At some stage in grief there comes a time when you look at a photo, or pick up an object that belonged to your loved one, and realisation slaps you in the face.
“I’m never going to see him again. Never!”
It’s a hard fact to face. Suddenly, all the special occasions you will never share flash before your eyes – birthdays, Mother’s Day, Christmases – and, if you have lost someone young, formals, engagements, weddings and the birth of grandchildren.
Of course, it is not just the special occasions that you will never share. You will never share a smile or a laugh again. You will never share a hug or a joke. And you will never share being in that person’s company, even if no words or gestures are exchanged.
I can’t remember when this first happened to me after Barry died, but I can tell you that since Christmas, it has happened repeatedly.
And every time is like the first time.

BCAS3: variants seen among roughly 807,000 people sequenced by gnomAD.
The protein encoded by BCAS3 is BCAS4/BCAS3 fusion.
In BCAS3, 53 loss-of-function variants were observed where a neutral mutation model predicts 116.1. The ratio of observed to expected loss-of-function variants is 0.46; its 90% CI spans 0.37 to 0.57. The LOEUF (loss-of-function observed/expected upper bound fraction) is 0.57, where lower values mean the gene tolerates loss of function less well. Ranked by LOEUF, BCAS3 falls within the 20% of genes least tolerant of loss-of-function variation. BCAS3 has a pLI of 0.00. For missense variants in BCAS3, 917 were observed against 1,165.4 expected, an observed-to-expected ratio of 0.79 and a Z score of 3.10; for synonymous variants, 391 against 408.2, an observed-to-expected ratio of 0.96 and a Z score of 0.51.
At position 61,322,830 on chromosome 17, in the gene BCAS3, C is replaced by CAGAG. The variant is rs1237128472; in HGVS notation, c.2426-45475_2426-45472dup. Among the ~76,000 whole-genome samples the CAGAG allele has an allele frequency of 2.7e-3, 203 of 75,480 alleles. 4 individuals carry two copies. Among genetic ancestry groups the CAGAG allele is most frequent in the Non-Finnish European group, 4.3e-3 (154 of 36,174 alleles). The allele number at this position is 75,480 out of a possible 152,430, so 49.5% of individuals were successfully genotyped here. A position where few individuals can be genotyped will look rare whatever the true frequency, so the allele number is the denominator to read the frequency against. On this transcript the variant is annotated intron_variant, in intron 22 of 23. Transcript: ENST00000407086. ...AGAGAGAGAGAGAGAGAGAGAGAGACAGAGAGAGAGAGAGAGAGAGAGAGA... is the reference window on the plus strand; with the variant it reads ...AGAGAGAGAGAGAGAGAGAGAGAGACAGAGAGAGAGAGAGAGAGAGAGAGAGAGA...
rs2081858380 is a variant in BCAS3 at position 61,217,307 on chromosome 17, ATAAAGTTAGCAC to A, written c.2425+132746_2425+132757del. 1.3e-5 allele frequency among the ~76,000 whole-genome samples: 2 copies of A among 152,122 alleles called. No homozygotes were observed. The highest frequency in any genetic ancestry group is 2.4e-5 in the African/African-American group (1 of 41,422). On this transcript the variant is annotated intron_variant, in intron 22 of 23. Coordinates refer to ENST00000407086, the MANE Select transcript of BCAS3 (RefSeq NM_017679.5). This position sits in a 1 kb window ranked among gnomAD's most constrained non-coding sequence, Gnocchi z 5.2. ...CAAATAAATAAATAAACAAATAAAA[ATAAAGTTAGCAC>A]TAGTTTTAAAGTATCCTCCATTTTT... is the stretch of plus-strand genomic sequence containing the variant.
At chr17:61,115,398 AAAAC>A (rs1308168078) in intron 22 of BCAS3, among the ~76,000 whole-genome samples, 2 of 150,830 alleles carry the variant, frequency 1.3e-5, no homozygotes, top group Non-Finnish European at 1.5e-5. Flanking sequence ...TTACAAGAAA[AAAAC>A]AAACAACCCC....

Imagine those repeated slaps in the face. Over and over again. Non relenting and ever so cruel. It’s hard for me to explain, and understand. How can I look at Barry’s photo three times in the same week and have this feeling hit me so strongly? I honestly don’t know, but it’s happening.
Gary tells me that he looks at Barry’s photos or belongings, and a feeling of anger or sadness or loss or guilt sweeps over him. He still asks if we could have done more.
I look at photos of Barry often. Because my mind isn’t working 100%, I’m terrified that I’ll forget what he looked like. I have photos of him everywhere – at home, at work, in my bag, on my keyring. I look at these photos every day. Sometimes…I smile. Sometimes…I cry. Sometimes…I get a slap in the face.
I always believed that after the shock had subsided, the realisation would set in, and that’s when true grief takes hold. But now I’m unsure. The shock took its toll and went away. Realisation isn’t so forgiving. Realisation insists on making you pay … over and over and over again.